As you get comfortable with the world of investing, you’re bound to encounter the term ‘sentiment cycle’. What is this key part of the business cycle, and how does it affect your investment strategy? Let’s take a closer look.

What are the market cycles?

This key concept in behavioural economics refers to the ‘emotional’ aspects of an investment’s lifetime. Speaking broadly, we see both markets and individual stocks go through four key life stages:

  • They rise
  • They peak
  • They fall
  • They bottom out

Properly, these are the accumulation, uptrend/mark-up, distribution, and downtrend/mark-down phases of the market.

This process is cyclical. We see a stock that’s a cheap buy with potential. It rises in price. More and more people join in. Inevitably, the stock becomes overpriced, and investors begin to see less value for money and less growth potential. There’s no way it can earn back what people paid for it. Those who bought while the price tag was appealing begin to sell in earnest. It becomes less popular and of less worth until it bottoms out. Rinse and repeat.

This is the natural lifetime of the stock market. In a perfect world, we would always follow the key adage: Buy low, sell high, and we would win on every investment. Yet we are all human, and it is incredibly hard to separate feelings from this natural market process. This is where sentiment cycles begin to play a part in your investment procedure. While smart investors should always try and leave sentiment out of their decisions, knowing how the sentiment cycle is sitting on your current product is immensely useful.

So what is the investor sentiment cycle?

As with the overall market cycle, sentiment will typically loop back over time. Let’s look at the key stages of the investor sentiment cycle:

  • Out of fashion: The news is mostly negative about the product, but it’s giving some indications of ‘hitting rock bottom’ and looking up. Asset prices fell, but the speed of decline is beginning to let up
  • Early adoption: The news is nearly non-existent. Some investors are biting, but it’s off most people’s radar. Asset prices slightly start to rise.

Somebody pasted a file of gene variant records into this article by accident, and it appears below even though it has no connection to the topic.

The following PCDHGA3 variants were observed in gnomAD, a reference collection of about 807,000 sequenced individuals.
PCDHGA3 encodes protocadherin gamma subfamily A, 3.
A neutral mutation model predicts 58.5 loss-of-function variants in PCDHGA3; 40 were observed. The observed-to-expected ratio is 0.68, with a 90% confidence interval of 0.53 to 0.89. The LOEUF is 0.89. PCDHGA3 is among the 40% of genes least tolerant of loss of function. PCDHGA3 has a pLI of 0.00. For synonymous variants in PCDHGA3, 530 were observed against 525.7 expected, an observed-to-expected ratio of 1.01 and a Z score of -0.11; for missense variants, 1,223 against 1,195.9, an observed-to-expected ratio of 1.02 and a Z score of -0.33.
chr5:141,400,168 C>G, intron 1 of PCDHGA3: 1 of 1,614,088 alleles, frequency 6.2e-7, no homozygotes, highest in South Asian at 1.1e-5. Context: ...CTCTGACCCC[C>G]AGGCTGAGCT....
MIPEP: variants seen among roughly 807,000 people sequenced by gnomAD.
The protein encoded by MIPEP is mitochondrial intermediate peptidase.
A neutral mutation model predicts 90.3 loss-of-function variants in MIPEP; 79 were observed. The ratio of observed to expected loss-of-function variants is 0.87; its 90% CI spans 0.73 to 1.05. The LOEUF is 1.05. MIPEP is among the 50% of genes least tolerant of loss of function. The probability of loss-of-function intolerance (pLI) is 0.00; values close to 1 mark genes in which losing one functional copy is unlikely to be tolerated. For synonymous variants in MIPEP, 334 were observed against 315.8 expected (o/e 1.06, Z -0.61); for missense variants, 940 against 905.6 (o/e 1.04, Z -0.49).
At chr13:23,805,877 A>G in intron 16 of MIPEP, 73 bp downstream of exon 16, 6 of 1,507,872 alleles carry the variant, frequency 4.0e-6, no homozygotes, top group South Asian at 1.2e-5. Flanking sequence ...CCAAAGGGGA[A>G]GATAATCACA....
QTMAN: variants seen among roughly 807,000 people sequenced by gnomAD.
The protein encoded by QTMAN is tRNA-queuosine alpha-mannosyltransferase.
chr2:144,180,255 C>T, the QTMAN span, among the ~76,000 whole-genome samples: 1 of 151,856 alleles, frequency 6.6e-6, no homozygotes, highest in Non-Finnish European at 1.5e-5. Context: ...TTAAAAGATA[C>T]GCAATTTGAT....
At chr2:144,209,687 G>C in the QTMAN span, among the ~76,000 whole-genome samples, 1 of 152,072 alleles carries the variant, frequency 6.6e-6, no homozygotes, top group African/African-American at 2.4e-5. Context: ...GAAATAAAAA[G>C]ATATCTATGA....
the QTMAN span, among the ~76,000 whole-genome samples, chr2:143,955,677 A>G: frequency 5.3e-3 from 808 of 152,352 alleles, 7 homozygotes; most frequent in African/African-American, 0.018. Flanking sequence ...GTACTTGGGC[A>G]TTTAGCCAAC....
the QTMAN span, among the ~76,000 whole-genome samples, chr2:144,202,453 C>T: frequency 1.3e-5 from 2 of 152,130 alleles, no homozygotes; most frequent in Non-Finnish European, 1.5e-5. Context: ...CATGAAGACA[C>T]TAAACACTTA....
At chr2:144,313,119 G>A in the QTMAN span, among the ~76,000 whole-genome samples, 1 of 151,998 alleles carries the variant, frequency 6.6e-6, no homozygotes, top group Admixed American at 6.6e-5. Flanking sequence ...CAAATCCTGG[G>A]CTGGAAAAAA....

• Participation: Now it’s in the news, especially for retail investors, and there are obvious reasons to keep buying and talking about it. Asset prices are rising well
  • New paradigm: There’s a bull rush on the product, returns are great, and some investors can be lured to sell other assets in favour of this one. The asset price is rising. Typically, this is one of the longest phases.
  • Blind faith: Investors aren’t acknowledging there’s a slight decline in prices. The press has gone quiet again, and asset prices are dipping, but people still believe in this class of asset.
  • Acknowledgement: There’s still ‘good reason’ to look at this class according to the news, but new investment is low or non-existent. Investors are noticing a falling asset price.
  • Acceptance: As prices continue to fall, withdrawals begin and this is no longer seen as a viable asset class.
  • Capitulation: As prices rapidly fall once again, people who didn’t sell can see substantial loss, and it’s an ‘understood’ process. The long-term outlook for the asset has changed.

At this point, the asset or class cycles back to begin again.

What are sentiment indicators?

So, now you know more about the sentiment cycle, let’s look at sentiment indicators. These are designed to show how specific groups feel about the market (or economy in general) right now. It’s an attempt to quantify sentiment if you will. It attempts to predict how people’s beliefs and positions will affect the market going ahead.

A lot of things are used to create these sentiment indicators. Is the market bullish or bearish? Are there unusually strong feelings in play? When there’s a peak in sentiment, it’s often a good signal that the market prices could flip soon.

So what can they tell you? Firstly, they give a good grasp of how optimistic or pessimistic people feel about the economy. This can, in turn, indicate how companies and investors may react. Of course, it’s not a precise science. Data is always open to interpretation. It’s wise not to use them as an unbreakable timing signal, but rather one part of your informed decision towards taking action. Nor can they give us a definite ‘when’. It will be up to you to watch for the key turning points in price.

Yet it’s very useful to know what market trends are doing as part of your overall investment strategy.

Sentiment cycle indicators vs technical indicators

While there’s some inevitable overlap, sentiment indicators and technical indicators are different. Sentiment indicators showcase investor beliefs and feelings. Technical indicators are formulas trying to use solid data to manipulate price/volume data to provide a different perspective on your decision.

What is the efficient market hypothesis?

We should probably also mention the efficient market hypothesis. This idea suggests that stocks always trade at their fair value, meaning stocks are never ‘undervalued’ and cannot be ‘inflated’ in price. Meaning you cannot outperform the overall market through timing, and the only way to get high returns is through taking on more risk in investments. It strongly encourages investors to hold a low-cost, passive portfolio they intend to hold and sell, and not attempt to time the market based on matters like sentiment. It’s one of many investment strategies, and which you use will depend on what fits best with your risk tolerance.

As you can see, the sentiment cycle is a key part of any investor’s toolbox. While it’s not the only indicator you will use to help you make smart investment decisions, understanding the sentiment cycle and a stock’s current place within it is key to making good investment decisions.

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